Friday, 10 February 2012 00:00Robert B. Catell’s letter (Jan. 12) glosses over fracking’s significant problems. Fracking is a dangerous business. It causes real and measurable impacts that we are aware of as well as the potential for unknown hazards that may affect people and the environment. Considering examples based on Pennsylvania and Ohio’s experiences (See Doug Wood’s letter Dec. 29, 2011 at www.antonnews.com/ Manhasset Press), we can see the harm that fracking has caused. In spite of rigorous regulations, oversight, and the “implementation of best practices and latest technology,” problems continue to occur. The fracking problems presented here are the tip of the iceberg for New York State.
According to Mr. Catell, since 2008 the New York State Department of Environmental Conservation (DEC) has been conducting a comprehensive review “of fracking’s environmental impacts and has proposed stringent standards for controlling and mitigating them.” The New York State DEC Supplemental Generic Environmental Impact Statement (SGEIS) supports the issuance of thousands of fracking permits that have been sold across the state, but according to the Sierra Atlantic Winter 2011 newsletter, the SGEIS, “…lacks a full formal health impact assessment.” Issuing fracking permits before conducting a full evaluation of public health risks, threatens to expose New Yorkers to the carcinogens identified in other states soon after gas drilling began. It is unacceptable to ignore the absence of this important SGEIS component and for the DEC to consider monitoring health issues after drilling has begun before formal regulations approved by the legislature are in place. The potential for human exposure to carcinogenic pollutants is a serious concern. A conservative, cautious, protective regulatory approach is required. The DEC is responsible for the strict oversight of people’s health and the environment. Why haven’t state health officials spoken up on behalf of the people of New York State? If the DEC overlooked the SGEIS human health impact assessment component and supports the sale of fracking permits, how can we rely on them to assure our safely? Will the DEC complete the SGEIS with a full formal human health impact assessment before the legislature approves the regulations?
The DEC is considering transporting radioactive wastewater from upstate New York to Manhattan and Long Island for processing in local water treatment plants. One of the sites will be Glen Cove. This information is in the revised draft SGEIS located on the NYSDEC web site http://www.dec. ny.gov/data/dmn/rdsgeisfull0911.pdf. In section 220.127.116.11, you will find a discussion of Municipal Sewage Treatment Plants around the state that might be employed to handle the waste. In Appendix 21 you’ll find a listing of the plants, including Glen Cove. According to the Citizen’s Campaign for the Environment of Long Island, New York State does not have wastewater treatment plants designed to treat radioactive wastewaters from high volume fracking operations. How can the DEC even consider such an idea? Will New York State require sewage treatment plants that accept drilling wastewater to test for radioactivity and will they enforce this requirement? Where and how will the radioactive water be stored? It is not an option to put the treated radioactive water into LI Sound or the ocean and hope it will disperse. How will the radioactive material and the poisonous organic and inorganic substances be separated and treated? Where and how will the sludge, containing heavy metals, poisonous organic and inorganic contaminants, remaining in evaporation ponds be safely disposed of? How will the evaporation ponds be protected to prevent them from leaking through liners or overflowing onto the land and streams in times of heavy rains like we had last summer?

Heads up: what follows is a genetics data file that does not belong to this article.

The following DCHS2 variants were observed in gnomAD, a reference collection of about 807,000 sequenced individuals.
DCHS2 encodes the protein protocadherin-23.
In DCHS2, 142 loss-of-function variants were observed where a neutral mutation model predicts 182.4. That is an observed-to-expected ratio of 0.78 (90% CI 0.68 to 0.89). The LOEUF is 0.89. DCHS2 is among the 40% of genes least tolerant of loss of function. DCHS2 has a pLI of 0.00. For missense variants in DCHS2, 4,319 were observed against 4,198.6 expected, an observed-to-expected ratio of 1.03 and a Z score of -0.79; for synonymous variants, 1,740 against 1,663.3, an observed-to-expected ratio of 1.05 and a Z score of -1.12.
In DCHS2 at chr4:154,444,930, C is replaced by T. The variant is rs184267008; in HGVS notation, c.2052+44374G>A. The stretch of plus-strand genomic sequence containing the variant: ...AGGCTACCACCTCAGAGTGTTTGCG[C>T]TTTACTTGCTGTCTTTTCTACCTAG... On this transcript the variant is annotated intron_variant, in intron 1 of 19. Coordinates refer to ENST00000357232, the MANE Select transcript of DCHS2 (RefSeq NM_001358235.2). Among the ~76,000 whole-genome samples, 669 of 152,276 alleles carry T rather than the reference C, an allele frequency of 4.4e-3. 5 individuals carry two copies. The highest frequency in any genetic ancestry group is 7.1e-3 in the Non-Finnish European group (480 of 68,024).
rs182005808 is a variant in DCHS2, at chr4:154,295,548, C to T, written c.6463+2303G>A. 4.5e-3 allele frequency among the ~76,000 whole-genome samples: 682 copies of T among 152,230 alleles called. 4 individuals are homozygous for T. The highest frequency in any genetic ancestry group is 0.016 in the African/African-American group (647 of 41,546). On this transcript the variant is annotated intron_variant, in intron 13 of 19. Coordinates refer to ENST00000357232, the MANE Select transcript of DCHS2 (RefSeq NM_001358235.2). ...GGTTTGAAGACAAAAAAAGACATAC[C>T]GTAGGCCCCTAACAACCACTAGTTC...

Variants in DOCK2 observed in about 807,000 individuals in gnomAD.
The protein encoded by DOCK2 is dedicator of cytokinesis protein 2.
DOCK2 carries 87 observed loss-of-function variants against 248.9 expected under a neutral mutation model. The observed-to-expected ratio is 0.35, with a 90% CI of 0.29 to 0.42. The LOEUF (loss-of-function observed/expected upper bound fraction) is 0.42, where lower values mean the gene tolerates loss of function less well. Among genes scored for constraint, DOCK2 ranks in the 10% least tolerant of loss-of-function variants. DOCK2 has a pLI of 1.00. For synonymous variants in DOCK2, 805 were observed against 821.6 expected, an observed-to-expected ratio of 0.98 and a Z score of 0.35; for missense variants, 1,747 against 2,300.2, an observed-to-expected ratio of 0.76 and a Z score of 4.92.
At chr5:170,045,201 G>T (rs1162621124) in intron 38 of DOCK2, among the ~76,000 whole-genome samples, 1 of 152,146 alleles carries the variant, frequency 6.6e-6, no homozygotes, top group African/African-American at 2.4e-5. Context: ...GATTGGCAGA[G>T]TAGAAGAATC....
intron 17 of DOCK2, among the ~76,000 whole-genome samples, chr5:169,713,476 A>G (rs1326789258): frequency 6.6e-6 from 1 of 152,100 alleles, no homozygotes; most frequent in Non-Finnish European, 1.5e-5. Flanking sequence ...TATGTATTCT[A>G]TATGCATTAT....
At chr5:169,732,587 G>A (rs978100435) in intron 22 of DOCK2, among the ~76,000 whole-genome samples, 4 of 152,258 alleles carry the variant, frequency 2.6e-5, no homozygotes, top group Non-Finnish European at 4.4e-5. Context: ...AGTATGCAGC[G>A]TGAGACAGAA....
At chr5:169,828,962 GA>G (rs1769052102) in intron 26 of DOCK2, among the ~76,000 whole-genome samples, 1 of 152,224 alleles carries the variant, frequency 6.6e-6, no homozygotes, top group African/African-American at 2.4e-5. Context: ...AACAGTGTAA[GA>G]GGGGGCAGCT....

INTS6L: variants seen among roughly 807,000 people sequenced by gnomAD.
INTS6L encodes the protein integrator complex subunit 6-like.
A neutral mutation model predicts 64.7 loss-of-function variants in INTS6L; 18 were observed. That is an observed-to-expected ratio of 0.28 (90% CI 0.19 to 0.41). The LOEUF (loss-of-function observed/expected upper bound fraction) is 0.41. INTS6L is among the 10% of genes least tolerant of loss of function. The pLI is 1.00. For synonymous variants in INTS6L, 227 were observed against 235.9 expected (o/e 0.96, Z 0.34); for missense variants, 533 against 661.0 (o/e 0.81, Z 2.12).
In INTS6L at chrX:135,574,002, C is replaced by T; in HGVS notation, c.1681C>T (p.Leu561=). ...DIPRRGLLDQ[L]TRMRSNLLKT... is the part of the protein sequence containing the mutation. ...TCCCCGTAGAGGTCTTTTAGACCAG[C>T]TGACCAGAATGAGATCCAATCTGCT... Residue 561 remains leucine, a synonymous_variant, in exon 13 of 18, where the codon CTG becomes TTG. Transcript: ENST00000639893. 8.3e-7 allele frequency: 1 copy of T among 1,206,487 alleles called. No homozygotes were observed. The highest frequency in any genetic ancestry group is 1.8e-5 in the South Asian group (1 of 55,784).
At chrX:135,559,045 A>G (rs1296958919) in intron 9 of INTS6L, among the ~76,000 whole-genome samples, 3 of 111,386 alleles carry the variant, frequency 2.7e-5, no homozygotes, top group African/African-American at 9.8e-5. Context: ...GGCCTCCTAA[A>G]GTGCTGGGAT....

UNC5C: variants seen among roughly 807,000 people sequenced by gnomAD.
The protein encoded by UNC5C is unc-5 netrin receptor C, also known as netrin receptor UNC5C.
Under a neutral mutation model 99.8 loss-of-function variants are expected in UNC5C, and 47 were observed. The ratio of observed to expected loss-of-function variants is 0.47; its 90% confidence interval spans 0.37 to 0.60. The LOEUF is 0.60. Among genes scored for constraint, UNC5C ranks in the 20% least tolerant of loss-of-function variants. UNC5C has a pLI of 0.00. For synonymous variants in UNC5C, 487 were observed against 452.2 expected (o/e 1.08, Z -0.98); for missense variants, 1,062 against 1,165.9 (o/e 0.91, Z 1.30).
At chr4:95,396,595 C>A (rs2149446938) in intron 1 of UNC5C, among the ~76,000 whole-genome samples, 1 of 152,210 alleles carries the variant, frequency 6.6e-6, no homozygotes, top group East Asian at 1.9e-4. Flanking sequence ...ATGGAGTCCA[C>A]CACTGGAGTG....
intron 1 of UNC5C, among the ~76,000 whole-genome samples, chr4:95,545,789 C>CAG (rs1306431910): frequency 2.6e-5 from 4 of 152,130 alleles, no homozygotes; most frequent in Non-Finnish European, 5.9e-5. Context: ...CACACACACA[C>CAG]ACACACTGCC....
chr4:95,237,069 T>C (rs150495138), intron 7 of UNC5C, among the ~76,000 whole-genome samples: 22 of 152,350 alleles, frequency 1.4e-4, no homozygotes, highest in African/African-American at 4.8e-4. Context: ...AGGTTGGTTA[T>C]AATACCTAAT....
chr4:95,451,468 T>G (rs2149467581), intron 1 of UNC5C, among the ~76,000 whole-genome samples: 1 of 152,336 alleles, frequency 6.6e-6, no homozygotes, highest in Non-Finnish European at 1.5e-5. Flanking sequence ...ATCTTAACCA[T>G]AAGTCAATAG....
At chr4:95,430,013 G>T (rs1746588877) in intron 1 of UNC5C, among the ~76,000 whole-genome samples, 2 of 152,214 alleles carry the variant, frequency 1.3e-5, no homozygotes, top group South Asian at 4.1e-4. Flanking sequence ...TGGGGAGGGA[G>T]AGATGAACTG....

When natural gas is depleted gas companies close shop and leave. It should be the gas companies’ responsibility to remove the infrastructure created to support fracking operations and restore the area to a natural condition in harmony with the surroundings. Gas companies should be required to post a bond for the cleanup and restoration work. Will the gas companies be required to contribute money up front to a “super fund” to cover the cost of unforeseen future remediation problems.Public relation firms and lobbyists are busy putting a positive spin on the use of natural gas as a clean, safe, available, inexpensive fuel. However natural gas extraction has known public health risks, environmental pollution, and waste disposal problems. There are too many unanswered questions to make this a safe solution for our energy problems. It is not prudent to wing it. It is not in the people’s interest, nor that of our state to allow fracking here. Our neighbors in Pennsylvania and Ohio are witness to this. Mr. Catell acknowledges that “economic and energy benefits do not justify environmental harm.” The state intends to complete its environmental review and publish regulations. Will the final draft of the regulations be presented to New Yorkers for review and comment before finalization or will they be a done deal? Long Island and New York State is our home. As citizens of New York State, it is our right to expect that our elected officials comply with our demands to safeguard the safety and health of people living here and in addition to protect our environment. New Yorkers have a right to expect nothing less of their elected officials. It is urgent for New Yorkers to let their state legislators know of their opposition to fracking and demand that our health and environment be protected. At present the technology is flawed and accidents have been harmful to people and our environment. We do not need fracking; we need strong conservation and safe alternative energy programs. The fracking ban should prevail.